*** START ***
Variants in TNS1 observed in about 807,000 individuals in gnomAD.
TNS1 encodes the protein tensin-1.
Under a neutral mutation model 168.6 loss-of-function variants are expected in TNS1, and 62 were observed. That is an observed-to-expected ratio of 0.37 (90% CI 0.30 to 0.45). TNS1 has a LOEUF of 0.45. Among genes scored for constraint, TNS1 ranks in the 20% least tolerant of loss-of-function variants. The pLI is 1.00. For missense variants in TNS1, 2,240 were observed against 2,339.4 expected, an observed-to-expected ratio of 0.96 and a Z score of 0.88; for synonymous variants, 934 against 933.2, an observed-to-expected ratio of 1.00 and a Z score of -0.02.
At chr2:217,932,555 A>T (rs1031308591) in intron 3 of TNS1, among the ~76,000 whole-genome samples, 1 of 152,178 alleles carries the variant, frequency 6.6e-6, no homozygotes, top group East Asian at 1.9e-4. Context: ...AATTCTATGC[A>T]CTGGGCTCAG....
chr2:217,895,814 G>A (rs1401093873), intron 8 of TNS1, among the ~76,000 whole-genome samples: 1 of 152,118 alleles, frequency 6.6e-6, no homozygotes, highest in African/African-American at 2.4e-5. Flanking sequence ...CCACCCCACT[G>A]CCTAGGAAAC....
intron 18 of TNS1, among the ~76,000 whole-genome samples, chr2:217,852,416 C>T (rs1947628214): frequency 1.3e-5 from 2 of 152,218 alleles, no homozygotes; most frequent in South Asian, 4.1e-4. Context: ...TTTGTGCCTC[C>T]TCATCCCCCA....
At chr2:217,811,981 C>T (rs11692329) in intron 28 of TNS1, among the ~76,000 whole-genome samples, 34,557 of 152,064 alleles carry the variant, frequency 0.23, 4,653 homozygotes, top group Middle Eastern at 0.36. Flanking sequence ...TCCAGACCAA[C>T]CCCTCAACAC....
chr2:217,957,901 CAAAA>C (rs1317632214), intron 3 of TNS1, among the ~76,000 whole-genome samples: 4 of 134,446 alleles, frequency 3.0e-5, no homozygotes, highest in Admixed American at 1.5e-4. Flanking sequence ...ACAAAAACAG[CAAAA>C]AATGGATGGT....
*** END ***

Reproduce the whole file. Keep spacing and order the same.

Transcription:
Variants in TNS1 observed in about 807,000 individuals in gnomAD.
TNS1 encodes the protein tensin-1.
Under a neutral mutation model 168.6 loss-of-function variants are expected in TNS1, and 62 were observed. That is an observed-to-expected ratio of 0.37 (90% CI 0.30 to 0.45). TNS1 has a LOEUF of 0.45. Among genes scored for constraint, TNS1 ranks in the 20% least tolerant of loss-of-function variants. The pLI is 1.00. For missense variants in TNS1, 2,240 were observed against 2,339.4 expected, an observed-to-expected ratio of 0.96 and a Z score of 0.88; for synonymous variants, 934 against 933.2, an observed-to-expected ratio of 1.00 and a Z score of -0.02.
At chr2:217,932,555 A>T (rs1031308591) in intron 3 of TNS1, among the ~76,000 whole-genome samples, 1 of 152,178 alleles carries the variant, frequency 6.6e-6, no homozygotes, top group East Asian at 1.9e-4. Context: ...AATTCTATGC[A>T]CTGGGCTCAG....
chr2:217,895,814 G>A (rs1401093873), intron 8 of TNS1, among the ~76,000 whole-genome samples: 1 of 152,118 alleles, frequency 6.6e-6, no homozygotes, highest in African/African-American at 2.4e-5. Flanking sequence ...CCACCCCACT[G>A]CCTAGGAAAC....
intron 18 of TNS1, among the ~76,000 whole-genome samples, chr2:217,852,416 C>T (rs1947628214): frequency 1.3e-5 from 2 of 152,218 alleles, no homozygotes; most frequent in South Asian, 4.1e-4. Context: ...TTTGTGCCTC[C>T]TCATCCCCCA....
At chr2:217,811,981 C>T (rs11692329) in intron 28 of TNS1, among the ~76,000 whole-genome samples, 34,557 of 152,064 alleles carry the variant, frequency 0.23, 4,653 homozygotes, top group Middle Eastern at 0.36. Flanking sequence ...TCCAGACCAA[C>T]CCCTCAACAC....
chr2:217,957,901 CAAAA>C (rs1317632214), intron 3 of TNS1, among the ~76,000 whole-genome samples: 4 of 134,446 alleles, frequency 3.0e-5, no homozygotes, highest in Admixed American at 1.5e-4. Flanking sequence ...ACAAAAACAG[CAAAA>C]AATGGATGGT....